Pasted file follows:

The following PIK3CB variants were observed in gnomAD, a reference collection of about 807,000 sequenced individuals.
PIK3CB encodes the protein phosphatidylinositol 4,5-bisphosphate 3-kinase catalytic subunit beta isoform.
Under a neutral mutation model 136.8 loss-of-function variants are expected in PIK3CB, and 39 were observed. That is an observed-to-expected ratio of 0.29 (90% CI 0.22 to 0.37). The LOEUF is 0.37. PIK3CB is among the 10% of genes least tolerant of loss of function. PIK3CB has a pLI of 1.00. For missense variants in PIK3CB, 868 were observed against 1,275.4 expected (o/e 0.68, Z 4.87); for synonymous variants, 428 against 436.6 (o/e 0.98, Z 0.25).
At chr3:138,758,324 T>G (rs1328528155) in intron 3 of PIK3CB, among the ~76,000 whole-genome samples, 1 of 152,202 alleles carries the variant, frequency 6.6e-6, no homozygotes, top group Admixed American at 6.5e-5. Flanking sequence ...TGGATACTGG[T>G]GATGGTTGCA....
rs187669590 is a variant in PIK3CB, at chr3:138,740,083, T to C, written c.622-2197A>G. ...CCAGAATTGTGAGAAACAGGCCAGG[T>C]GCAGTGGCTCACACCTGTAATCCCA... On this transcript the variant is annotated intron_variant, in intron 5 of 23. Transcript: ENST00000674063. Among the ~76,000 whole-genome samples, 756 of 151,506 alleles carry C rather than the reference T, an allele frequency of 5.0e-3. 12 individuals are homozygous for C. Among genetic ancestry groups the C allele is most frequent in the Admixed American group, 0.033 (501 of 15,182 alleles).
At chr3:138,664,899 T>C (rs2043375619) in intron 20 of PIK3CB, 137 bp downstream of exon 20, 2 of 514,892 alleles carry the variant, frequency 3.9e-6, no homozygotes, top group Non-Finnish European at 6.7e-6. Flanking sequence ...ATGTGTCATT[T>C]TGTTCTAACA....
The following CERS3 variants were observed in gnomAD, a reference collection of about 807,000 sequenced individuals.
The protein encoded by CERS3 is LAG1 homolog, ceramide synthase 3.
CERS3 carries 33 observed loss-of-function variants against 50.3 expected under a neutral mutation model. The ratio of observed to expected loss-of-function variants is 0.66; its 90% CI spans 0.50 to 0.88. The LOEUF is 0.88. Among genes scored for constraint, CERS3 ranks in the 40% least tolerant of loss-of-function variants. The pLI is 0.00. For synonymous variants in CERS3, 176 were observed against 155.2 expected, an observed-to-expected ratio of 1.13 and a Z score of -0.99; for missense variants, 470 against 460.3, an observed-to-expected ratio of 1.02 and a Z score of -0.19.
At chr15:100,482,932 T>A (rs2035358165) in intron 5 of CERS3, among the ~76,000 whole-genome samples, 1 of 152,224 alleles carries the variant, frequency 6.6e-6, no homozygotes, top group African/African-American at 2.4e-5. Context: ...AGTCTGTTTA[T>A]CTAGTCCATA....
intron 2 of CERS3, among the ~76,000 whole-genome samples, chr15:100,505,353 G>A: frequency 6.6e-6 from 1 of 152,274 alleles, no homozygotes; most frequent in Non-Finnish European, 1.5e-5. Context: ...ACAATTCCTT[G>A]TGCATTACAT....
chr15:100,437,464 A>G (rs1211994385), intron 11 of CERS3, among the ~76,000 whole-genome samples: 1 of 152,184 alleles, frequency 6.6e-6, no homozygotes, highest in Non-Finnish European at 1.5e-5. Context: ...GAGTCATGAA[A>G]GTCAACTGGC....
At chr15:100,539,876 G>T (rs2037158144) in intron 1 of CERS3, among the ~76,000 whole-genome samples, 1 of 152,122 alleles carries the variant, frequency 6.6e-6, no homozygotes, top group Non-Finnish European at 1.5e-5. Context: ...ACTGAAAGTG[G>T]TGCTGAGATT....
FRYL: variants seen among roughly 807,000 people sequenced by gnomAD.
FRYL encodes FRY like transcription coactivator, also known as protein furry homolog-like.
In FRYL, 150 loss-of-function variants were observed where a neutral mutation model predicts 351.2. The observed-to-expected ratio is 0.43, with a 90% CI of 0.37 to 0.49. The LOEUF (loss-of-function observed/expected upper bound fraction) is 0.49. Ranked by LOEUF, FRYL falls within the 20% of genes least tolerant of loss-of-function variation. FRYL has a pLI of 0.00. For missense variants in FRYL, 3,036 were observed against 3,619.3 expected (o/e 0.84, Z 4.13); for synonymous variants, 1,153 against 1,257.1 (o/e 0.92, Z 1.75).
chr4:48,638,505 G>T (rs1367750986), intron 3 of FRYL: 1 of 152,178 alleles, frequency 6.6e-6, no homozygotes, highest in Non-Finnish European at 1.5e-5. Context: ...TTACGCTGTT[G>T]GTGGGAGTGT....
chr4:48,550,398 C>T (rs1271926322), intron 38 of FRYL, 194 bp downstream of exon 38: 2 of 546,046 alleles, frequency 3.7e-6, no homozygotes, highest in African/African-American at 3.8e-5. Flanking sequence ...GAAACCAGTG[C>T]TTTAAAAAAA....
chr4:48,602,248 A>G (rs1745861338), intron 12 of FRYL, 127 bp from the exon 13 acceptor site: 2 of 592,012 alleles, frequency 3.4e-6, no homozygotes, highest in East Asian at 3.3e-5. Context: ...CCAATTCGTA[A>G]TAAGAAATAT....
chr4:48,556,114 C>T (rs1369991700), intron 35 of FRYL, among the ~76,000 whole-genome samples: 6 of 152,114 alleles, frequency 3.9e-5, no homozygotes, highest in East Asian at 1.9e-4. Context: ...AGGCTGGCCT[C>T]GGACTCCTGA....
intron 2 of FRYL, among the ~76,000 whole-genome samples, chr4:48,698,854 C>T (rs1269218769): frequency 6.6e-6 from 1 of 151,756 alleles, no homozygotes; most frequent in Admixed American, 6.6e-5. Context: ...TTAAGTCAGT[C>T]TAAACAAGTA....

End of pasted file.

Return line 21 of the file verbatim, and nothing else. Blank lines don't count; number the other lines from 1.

intron 2 of FRYL, among the ~76,000 whole-genome samples, chr4:48,698,854 C>T (rs1269218769): frequency 6.6e-6 from 1 of 151,756 alleles, no homozygotes; most frequent in Admixed American, 6.6e-5. Context: ...TTAAGTCAGT[C>T]TAAACAAGTA....